Meiji Jingu: Baseball fans are fighting to save Tokyo Stadium, where Babe Ruth once played

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Thousands of baseball fans have signed a petition to save the iconic Tokyo Stadium, where Babe Ruth once played and which inspired bestselling author Haruki Murakami to pick up a pen for the first time.

Meiji Jingu Stadium, along with legendary American baseball venues Wrigley Field and Fenway Park, is slated to be demolished and rebuilt as part of a massive redevelopment project surrounding it. sky and luxury hotels.

“The people of Tokyo are going to miss it,” said Robert Whiting, who has written books on Japanese baseball and started an online petition over the weekend to save the nearly 100-year-old stadium, which he says “reeks of history.”

“They’re going to lose a really beautiful, quiet, relaxing place and a great place to watch a baseball game,” he told Reuters.

Built in 1926, Jingu was home to the Yakult Swallows, a team that went deep, won multiple national championships, and resonated with generations of fans who cheered their team on by waving umbrellas and chanting — something Whiting said will be reduced in the new stadium.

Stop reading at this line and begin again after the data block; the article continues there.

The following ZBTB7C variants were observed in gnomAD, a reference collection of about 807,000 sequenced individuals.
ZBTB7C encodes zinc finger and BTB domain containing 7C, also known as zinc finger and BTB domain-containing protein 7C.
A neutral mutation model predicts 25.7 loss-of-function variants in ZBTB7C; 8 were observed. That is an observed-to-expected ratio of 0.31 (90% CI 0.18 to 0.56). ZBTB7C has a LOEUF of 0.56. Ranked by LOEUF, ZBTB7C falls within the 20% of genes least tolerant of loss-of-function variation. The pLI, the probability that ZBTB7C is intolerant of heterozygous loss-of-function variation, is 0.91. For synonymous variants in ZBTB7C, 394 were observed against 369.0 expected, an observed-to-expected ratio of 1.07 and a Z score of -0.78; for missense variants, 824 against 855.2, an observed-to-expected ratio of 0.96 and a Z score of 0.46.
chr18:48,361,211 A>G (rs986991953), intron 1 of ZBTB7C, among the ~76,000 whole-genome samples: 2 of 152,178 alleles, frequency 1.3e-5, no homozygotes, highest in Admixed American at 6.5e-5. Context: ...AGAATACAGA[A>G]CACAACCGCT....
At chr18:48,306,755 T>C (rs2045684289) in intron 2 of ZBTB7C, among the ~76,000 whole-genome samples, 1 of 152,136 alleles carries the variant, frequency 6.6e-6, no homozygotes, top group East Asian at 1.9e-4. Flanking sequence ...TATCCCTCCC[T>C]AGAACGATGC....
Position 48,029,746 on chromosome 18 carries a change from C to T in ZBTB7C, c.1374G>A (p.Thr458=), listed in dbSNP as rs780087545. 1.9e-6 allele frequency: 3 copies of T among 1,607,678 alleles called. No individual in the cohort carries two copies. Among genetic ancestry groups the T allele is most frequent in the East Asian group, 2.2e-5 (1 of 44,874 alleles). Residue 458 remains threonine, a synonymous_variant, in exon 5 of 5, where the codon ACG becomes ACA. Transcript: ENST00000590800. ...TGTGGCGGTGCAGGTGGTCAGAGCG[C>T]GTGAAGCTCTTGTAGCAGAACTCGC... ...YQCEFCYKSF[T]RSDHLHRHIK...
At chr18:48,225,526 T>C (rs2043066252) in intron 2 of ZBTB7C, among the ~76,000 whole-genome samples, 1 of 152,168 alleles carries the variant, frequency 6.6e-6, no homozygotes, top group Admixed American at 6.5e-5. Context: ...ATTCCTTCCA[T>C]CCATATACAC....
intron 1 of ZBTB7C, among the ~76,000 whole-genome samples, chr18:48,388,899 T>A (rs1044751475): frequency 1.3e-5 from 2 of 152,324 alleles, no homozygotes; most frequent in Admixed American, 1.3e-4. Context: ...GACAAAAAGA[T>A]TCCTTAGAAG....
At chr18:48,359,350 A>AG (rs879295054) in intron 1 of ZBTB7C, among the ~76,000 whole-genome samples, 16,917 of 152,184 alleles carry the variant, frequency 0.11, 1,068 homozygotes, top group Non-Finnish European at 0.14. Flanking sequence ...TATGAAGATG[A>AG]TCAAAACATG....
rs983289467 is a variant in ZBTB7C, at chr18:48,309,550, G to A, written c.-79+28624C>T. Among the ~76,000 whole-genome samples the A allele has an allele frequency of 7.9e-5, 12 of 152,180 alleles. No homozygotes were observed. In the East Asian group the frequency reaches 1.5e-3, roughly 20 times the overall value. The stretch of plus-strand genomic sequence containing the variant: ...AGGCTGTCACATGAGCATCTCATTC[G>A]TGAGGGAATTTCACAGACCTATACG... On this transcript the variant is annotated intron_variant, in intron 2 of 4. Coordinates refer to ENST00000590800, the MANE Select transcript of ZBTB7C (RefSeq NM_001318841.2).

Babe Ruth and Lou Gehrig played there in 1934 as part of a tour of Japan, making the stadium one of the few where Ruth played.

American baseball player Babe Ruth hit a home run at Meiji Jingu Stadium in Tokyo in 1934 during a tour of Japan. Credit: New York Times Co./Getty Images

Murakami said he was drinking beer and watching a game when he first thought about writing a novel in 1978. On the way home, he bought a pen and paper and that night began writing his first book, Listen to the Wind.

The stadium is also featured numerous times in pop culture and literature, reflecting its place in the national consciousness. It has featured in several manga and anime series, including Diamonds and Guranezi.

Mitsui Fudosan Co Ltd, one of the developers, said it was aware of the opposition and was taking steps to address it, but the main development decisions were made by the Tokyo government.

As of Tuesday afternoon, Whiting’s petition to Tokyo Governor Yuriko Koike and several others had nearly 10,000 signatures.

“There’s a lot to lose, and if this continues, it could go wrong,” Whiting said. “It’s very sad.”

There have been other controversies surrounding the demolition of iconic buildings in Japan, including Tokyo’s Nakagin Capsule Tower, one of the most iconic examples of modern architecture.

Despite several pleas to save the tower, it was demolished after a disaster last year.

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